Valerie Ebuwa: Body Data

  • Photography and Words  Henry Gorse
  • Featuring  Valerie Ebuwa
  • Creative Assistant  Sarika Thakorlal

I was lucky enough to meet Valerie when I collaborated on a project with her and several different dancers a few years ago. Her energy is infectious and with a smile to own the world we have created many portraits together since.

After a catch-up and a long chat, we decided it would be a nice idea to shoot a series of images to accompany Valerie’s performance ‘Body Data’ at the V&A, her first performance at the museum.

Sadly due to the global pandemic, Valerie’s performance will not be happening. Luckily, we managed to finish most of the images before all the madness kicked off.

As well as being a contemporary dance artist Valerie is an activist, her short film explores a fresh perspective on the naked black female body and as well as a performance Valerie was due to deliver a V&A Artists talk around brown bodies within institutions.

The Project we were shooting together was deadly serious with Valerie’s message but we found a way to be playful creatively without taking anything away from an important underlying message, it was essential to express ourselves in a positive playful way whilst still keeping true to the context of the body of work, which is to challenge.

Introducing Valerie Ebuwa!

Hello Val! Please tell us a bit about yourself as a dancer and performer, how would you paint a picture of your style?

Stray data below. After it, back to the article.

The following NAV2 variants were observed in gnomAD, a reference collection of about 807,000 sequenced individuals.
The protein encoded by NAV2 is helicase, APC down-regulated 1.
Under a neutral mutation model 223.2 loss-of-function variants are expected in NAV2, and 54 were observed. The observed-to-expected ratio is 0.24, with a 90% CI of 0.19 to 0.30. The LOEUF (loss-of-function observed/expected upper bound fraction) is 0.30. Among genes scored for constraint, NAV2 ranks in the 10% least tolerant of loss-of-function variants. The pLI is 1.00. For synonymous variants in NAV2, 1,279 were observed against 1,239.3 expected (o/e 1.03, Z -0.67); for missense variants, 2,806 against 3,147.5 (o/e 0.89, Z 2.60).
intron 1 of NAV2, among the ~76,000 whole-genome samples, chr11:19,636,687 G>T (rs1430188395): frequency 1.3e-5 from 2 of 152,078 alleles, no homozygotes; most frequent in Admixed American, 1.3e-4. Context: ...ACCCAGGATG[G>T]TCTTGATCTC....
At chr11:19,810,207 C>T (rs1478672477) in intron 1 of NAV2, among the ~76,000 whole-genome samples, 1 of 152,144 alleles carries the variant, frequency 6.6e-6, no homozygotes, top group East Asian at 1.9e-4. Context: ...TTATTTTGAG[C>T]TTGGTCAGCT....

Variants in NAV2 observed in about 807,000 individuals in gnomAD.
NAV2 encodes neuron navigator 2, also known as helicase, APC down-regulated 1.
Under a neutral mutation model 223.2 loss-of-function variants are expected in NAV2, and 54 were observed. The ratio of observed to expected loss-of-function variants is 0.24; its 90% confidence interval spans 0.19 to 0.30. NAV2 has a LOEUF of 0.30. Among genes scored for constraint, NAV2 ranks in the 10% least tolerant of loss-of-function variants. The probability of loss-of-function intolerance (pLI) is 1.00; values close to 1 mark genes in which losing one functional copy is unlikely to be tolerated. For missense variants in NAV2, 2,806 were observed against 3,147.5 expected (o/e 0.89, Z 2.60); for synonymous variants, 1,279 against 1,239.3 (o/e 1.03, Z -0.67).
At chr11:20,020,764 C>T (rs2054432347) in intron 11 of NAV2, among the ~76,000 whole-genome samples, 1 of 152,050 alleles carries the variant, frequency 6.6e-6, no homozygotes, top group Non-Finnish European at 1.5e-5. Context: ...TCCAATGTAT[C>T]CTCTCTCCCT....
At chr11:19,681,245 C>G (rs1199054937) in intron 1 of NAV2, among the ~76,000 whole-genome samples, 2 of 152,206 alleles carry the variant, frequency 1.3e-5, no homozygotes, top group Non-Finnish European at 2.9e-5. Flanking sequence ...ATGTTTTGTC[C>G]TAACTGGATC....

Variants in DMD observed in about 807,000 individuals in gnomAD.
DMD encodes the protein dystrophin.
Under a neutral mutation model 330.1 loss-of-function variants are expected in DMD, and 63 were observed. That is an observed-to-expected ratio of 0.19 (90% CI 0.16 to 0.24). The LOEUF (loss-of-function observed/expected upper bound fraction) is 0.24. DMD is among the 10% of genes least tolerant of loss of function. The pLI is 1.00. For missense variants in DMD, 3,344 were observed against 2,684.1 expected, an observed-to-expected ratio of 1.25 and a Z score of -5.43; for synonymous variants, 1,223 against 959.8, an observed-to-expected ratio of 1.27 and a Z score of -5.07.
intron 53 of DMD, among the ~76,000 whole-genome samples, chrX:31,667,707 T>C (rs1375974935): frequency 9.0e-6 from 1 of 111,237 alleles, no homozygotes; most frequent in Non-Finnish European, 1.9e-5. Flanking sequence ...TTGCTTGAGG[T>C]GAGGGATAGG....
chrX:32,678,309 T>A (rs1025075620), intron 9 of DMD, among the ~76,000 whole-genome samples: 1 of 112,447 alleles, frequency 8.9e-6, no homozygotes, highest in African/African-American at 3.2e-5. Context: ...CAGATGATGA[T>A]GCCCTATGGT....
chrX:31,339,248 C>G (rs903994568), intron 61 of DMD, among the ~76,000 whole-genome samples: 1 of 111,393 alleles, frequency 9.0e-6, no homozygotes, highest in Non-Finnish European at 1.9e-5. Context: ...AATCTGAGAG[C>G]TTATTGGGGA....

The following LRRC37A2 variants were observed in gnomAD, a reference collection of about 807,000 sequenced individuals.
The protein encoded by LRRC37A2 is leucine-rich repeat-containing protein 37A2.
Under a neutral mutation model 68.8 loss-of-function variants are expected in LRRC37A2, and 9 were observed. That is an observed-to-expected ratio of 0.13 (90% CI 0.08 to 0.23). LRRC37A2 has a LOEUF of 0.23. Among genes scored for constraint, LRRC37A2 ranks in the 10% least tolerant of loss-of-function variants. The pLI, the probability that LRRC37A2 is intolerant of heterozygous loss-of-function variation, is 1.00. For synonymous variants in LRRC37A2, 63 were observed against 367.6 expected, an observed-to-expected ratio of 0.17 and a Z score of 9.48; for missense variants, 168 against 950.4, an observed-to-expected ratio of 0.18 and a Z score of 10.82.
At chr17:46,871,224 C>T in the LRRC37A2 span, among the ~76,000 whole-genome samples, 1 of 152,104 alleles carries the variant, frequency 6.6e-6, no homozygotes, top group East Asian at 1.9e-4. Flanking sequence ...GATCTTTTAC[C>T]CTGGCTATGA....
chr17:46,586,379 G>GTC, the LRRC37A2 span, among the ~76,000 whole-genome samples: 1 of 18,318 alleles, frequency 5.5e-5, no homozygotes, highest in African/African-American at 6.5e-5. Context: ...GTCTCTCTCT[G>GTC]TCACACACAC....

Heya Henry!! As a dancer, I work across many mediums, mainly dance theatre for contemporary dance companies. I do the odd music video here and there just to keep myself guessing/growing. I don’t like to be boxed or to box myself so I am constantly changing and trying new things. I’ve performed in galleries and sang on stage a few times now also. I’m a bit of everything I think! That’s my style. Picture perfect? 🙂

Balloons have become a trademark of yours, what do they represent within your performance?
I think they represent that I’m always ready to party!! Haha. They represent celebration and remaining playful but it’s super interesting how just a change of colour, for instance, can scream gender reveal party or a different shape can make it look like gum or taffy. It’s funny because I don’t think the choreographers I have worked with realise that balloons are generally involved somehow. It’s nice for me because it’s become a huge part of my story.